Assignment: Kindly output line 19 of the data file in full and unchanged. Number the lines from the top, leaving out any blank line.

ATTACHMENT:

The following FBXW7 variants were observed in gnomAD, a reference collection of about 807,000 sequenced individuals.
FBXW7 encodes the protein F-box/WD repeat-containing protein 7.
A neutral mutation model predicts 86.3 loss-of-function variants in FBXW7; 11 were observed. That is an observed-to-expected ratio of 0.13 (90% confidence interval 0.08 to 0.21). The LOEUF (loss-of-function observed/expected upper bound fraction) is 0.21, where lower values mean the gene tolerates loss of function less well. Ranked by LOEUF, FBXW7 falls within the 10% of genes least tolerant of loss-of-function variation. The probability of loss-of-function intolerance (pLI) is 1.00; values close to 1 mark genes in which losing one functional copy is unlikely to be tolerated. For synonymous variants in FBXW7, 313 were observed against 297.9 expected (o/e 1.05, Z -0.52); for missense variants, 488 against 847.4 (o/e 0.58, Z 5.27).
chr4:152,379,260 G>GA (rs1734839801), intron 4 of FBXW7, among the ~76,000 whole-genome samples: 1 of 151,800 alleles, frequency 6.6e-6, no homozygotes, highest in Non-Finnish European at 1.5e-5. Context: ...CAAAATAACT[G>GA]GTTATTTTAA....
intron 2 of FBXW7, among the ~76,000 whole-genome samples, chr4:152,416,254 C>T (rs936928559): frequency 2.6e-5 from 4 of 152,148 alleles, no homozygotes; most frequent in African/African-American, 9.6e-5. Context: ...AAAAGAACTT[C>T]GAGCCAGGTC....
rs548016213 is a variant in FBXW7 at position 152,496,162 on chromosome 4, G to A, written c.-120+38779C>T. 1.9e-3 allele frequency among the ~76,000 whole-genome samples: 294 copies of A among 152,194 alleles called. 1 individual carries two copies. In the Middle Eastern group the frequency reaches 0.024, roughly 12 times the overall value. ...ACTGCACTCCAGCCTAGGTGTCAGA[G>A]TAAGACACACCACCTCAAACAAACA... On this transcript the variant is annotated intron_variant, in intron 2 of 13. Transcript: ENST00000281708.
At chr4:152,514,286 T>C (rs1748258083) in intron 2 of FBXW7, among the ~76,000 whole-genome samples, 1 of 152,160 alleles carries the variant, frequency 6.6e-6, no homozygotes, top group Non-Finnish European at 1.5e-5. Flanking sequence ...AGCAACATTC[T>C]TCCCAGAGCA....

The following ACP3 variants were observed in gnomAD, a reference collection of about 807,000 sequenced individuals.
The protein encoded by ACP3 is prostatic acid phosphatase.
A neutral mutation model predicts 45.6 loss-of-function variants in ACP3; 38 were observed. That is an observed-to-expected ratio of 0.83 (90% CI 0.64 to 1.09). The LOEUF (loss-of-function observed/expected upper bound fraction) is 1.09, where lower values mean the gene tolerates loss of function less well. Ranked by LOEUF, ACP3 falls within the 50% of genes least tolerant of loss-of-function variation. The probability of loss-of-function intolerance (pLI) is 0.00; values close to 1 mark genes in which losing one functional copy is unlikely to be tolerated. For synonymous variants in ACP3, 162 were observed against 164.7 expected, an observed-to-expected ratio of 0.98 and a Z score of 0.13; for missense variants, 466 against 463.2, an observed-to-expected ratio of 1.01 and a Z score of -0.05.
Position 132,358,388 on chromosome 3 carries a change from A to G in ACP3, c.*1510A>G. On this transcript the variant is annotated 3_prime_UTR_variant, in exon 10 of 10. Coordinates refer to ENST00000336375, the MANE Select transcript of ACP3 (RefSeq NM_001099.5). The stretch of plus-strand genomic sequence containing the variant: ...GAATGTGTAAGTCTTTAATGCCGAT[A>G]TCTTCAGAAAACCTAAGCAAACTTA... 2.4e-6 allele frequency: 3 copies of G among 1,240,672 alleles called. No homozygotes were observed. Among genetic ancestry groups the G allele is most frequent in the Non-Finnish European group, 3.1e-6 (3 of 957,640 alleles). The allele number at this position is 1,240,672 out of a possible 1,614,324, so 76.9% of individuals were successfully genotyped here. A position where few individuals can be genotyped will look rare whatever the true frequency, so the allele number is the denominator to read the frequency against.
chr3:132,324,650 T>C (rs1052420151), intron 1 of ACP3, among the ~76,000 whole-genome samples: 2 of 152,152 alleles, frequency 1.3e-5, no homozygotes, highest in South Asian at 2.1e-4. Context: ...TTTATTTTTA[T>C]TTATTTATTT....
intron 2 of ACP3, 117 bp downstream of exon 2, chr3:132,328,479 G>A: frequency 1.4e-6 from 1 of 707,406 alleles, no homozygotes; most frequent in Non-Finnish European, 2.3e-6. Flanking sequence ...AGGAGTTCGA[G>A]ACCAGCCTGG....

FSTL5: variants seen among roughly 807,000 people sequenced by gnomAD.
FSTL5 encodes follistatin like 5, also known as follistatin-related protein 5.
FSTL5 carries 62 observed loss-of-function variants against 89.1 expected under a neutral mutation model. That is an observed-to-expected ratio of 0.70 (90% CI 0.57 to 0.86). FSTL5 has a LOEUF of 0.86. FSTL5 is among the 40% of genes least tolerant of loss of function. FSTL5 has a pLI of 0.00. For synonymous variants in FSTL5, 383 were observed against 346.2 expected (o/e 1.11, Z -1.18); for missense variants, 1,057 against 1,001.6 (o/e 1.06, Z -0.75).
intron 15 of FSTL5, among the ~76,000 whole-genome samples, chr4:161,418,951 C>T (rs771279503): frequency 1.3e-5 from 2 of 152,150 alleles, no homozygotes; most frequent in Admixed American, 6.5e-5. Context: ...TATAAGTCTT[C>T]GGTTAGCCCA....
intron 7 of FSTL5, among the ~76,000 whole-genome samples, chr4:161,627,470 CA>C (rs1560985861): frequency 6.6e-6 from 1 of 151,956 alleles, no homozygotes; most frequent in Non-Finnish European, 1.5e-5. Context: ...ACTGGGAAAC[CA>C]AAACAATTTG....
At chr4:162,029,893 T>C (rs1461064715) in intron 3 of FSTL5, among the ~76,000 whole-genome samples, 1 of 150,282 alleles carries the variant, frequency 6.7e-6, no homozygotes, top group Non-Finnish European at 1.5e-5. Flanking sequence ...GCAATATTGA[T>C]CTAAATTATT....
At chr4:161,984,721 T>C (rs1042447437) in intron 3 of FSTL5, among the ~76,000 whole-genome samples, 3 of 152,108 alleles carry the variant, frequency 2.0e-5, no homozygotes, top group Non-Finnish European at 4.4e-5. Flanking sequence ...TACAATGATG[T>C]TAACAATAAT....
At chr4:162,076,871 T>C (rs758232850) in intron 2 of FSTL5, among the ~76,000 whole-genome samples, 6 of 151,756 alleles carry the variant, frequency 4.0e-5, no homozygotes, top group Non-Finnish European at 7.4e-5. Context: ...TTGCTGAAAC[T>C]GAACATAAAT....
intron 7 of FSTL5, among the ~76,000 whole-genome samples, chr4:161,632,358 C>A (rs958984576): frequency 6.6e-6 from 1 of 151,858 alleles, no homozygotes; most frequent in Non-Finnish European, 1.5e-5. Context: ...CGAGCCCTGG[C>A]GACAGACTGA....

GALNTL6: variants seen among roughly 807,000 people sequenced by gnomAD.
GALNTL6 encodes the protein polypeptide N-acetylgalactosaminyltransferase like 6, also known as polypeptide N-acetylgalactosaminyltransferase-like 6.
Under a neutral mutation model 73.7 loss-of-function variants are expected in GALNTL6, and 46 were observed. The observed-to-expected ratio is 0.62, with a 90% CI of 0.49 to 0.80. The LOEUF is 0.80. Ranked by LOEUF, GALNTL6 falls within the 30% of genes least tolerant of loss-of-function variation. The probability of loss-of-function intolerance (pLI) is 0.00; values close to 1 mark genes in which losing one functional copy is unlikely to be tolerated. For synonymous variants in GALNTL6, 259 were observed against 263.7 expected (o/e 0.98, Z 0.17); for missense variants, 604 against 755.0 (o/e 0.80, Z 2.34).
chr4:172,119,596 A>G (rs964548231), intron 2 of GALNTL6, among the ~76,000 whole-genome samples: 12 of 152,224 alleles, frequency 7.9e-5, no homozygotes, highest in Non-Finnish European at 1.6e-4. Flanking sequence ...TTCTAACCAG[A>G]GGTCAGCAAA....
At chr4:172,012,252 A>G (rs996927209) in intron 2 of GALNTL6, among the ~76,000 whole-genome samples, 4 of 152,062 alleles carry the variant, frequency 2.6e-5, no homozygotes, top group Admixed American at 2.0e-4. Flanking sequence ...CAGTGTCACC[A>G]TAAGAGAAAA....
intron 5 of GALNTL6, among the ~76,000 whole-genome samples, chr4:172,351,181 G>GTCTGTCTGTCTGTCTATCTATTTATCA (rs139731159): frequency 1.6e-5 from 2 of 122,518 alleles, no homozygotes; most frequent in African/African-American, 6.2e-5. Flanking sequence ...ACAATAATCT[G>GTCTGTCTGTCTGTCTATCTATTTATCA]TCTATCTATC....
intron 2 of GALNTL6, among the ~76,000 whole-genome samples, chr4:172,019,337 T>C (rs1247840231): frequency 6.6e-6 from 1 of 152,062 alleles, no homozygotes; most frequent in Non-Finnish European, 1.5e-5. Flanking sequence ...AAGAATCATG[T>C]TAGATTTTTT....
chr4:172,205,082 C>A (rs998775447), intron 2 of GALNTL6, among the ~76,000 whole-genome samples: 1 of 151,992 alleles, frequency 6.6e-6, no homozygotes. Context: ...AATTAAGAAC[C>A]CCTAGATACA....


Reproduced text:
At chr4:162,029,893 T>C (rs1461064715) in intron 3 of FSTL5, among the ~76,000 whole-genome samples, 1 of 150,282 alleles carries the variant, frequency 6.7e-6, no homozygotes, top group Non-Finnish European at 1.5e-5. Flanking sequence ...GCAATATTGA[T>C]CTAAATTATT....